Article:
Gender roles are the behaviours that society teach us as appropriate for boys and girls. These are based on gender stereotypes, which are “assumptions made about the characteristics of each gender, such as physical appearance, physical abilities, attitudes, interests or occupations.” (Gooden and Gooden, 2001). This essay will define and discuss gender and its significance throughout early childhood. Gender socialisation will be related to throughout this discussion as the effects of the family, the school, the media and the peer group on gender socialisation will also be looked at. To conclude the essay, statistics and studies will be discussed with relation to gender role socialisation.
One form of social difference is gender. The term gender refers to the biological categorization of humans according to their genitals (Weiten 2010). Males and females are expected to follow different etiquette concerning sexuality. The different organization of male and female lives has encouraged the development of different social norms (Baumeister & Vohs 2004). Society mostly accepts heterosexuality as normal which has led to there being social norms regarding how males and females
Gender Identity Gender identity is something that most people overlook because the obvious difference between male and female. “Gender identity is the psychological awareness or sense of being male or being female, and it is one of the most obvious and important aspects of ones self concepts.” (Rathus, 2011). Gender identity goes way beyond just being male or female, but can also be determined by chromosomal sex, as well as both biology and environmental factors. There are many factors that can determine gender identity. For example, masculinity femininity and the male and female anatomy are factors that determine gender identity.
The Crying Game manipulates several binary oppositions. The first one, which is so obvious, is male/female. Of course we all know that by nature people’s identities are determined by genitals. In this way, man should find a sexual interest in women and vice versa. But in film we see the opposite situation, which leads us to another binary opposition – sex/gender.
Gender development starts at conception, it is from this point forward that one is treated as male or female (WebMD, 2011) . At conception a female embryo has the XX chromosome while the male embryo has the XY chromosome. Those who suffer with a gender identity crisis may possess either the XX or XY chromosome but in fact identify with as well as exhibit traits of the opposite sex. One's sense of gender and one's anatomical sex are two distinct elements: each developing at different times in different parts of the body (Kaneshiro, 2011) . According to Nevid (2008) in his book, Psychology: Concepts and Applications, the biggest argument related to gender identity is the nature versus nurture, the role played by hereditary and environmental factors as well as their relationship to gender identity.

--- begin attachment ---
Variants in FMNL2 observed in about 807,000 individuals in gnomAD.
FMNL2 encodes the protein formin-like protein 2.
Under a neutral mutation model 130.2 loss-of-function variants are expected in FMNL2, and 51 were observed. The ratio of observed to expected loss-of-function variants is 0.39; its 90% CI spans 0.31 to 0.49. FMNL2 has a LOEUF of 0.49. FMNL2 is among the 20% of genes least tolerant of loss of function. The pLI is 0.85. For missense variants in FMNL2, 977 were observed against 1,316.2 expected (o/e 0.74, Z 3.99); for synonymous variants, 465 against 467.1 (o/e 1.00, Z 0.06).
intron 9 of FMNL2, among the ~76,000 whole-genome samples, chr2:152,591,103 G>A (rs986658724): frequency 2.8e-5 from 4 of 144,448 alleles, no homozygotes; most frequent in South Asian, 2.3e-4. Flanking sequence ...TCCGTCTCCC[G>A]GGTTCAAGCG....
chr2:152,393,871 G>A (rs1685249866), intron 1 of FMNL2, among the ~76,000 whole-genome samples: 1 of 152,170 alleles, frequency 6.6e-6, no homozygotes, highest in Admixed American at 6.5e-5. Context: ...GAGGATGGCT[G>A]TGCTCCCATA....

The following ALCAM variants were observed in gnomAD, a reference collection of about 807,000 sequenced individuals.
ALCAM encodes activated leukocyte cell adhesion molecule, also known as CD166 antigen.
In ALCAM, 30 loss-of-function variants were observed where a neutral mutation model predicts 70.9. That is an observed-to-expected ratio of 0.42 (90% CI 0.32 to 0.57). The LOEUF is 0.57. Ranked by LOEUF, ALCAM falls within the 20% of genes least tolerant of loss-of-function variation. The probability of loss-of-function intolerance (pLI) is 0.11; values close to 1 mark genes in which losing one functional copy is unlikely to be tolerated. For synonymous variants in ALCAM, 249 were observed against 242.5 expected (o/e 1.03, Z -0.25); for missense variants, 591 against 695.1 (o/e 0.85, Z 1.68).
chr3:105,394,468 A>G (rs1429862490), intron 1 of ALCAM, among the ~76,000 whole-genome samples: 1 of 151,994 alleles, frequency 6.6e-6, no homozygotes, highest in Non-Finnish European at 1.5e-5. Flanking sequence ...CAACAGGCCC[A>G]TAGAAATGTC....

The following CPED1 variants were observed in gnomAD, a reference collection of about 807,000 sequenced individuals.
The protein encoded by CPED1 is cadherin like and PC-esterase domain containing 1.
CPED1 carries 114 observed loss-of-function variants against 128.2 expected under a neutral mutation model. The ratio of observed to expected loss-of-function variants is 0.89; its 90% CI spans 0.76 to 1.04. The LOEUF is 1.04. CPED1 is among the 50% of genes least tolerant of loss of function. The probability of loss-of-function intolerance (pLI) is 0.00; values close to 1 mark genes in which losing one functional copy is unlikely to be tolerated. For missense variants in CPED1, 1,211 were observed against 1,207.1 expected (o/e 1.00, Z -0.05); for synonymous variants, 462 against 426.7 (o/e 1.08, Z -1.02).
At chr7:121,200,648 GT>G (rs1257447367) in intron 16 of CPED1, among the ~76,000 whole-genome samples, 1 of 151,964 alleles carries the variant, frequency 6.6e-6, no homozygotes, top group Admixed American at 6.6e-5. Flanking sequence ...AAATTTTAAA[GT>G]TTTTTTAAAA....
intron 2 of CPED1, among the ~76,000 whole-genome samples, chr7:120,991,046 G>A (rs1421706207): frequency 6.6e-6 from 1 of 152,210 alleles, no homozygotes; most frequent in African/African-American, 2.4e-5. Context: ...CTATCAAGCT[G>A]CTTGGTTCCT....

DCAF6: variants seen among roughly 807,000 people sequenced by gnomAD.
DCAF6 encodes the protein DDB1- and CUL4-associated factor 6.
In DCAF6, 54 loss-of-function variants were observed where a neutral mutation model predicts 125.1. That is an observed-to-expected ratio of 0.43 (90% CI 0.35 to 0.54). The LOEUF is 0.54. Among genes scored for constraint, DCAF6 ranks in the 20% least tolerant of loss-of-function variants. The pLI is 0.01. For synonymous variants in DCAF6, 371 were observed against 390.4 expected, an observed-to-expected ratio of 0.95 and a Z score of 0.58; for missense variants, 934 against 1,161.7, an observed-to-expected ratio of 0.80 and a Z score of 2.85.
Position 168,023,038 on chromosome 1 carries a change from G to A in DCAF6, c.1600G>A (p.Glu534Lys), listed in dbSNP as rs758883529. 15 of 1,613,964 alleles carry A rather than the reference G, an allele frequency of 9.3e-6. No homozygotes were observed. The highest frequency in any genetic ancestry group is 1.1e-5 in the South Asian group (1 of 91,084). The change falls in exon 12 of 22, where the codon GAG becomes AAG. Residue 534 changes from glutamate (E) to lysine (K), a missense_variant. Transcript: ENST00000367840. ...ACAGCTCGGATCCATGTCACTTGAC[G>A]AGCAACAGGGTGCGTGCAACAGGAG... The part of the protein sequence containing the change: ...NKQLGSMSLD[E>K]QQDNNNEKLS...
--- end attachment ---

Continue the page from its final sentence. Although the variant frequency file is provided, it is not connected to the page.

A Cross Cultural Examination of Sexuality: Modern vs Underdeveloped Societies Psychologists have highlighted a number of divisions regarding sexuality across a variety of cultures. The word ‘sex’ has different meanings. Sex refers to the biological and physiological differences between men and women, the most obvious being differences in their reproductive systems. Every culture controls the sexuality of its members to a certain extent, by embedding it in the institutions of family, religion and law. According to Potts & Short (1999) the core social arrangement within the institution of the family is the marital relationship.
Draft #1 Gender Introduction Gender roles refers to the set of social and behavioral norms that are considered to be socially appropriate for individuals of a specific sex in the context of a specific culture, which differ widely between cultures and over time. There are differences of opinion as to whether observed gender differences in behavior and personality characteristics are, at least in part, due to cultural or social factors, and therefore, the product of socialization experiences, or to what extent gender differences are due to biological and physiological differences.  1. ^ "What do we mean by "sex" and "gender"?". World Health Organization.
“THE GENDERED NOTIONS OF EMOTION” To begin with , it is neccessary to differ the term gender from sex. Sex refers to our anatomical and genetical identity as being a female or male that is inscribed in our genes, whereas gender is an outcome of process of socialization combined with the effect of the genes. Our gender becomes evident in the way we dress, we make our hair,we walk and speak. The ways we express and experience emotions also seems to be dependent on our gender. As the way of walking or speaking diverges in male and female, the expression and experience of emotions in different genders also diverges.
Gender could denote to communal institutionalization of sexual differences; they believed gender is utilized by those who comprehend not merely sexual inequality but far of sexual contrasts to be communal craft were by men and women are crafted to behave in precise methods that could be categorized as feminine of masculine (Okin, 1989: 116). 4 AMBIGUITY OF PRIVATE AND PUBLIC
What are gender stereotypes and how are they conveyed in our society? According to Mior and Jessel (1989), gender refers to the socially constructed roles of, and relations between, men and women, while 'Sex' refers to biological characteristics which define humans as female or male. These biological characteristics are not mutually exclusive however, as there are individuals who possess both. This definition is also shared by the website http://en.wikipedia.org/wiki/Gender. A stereotype is a popular belief about specific social groups or types of individuals.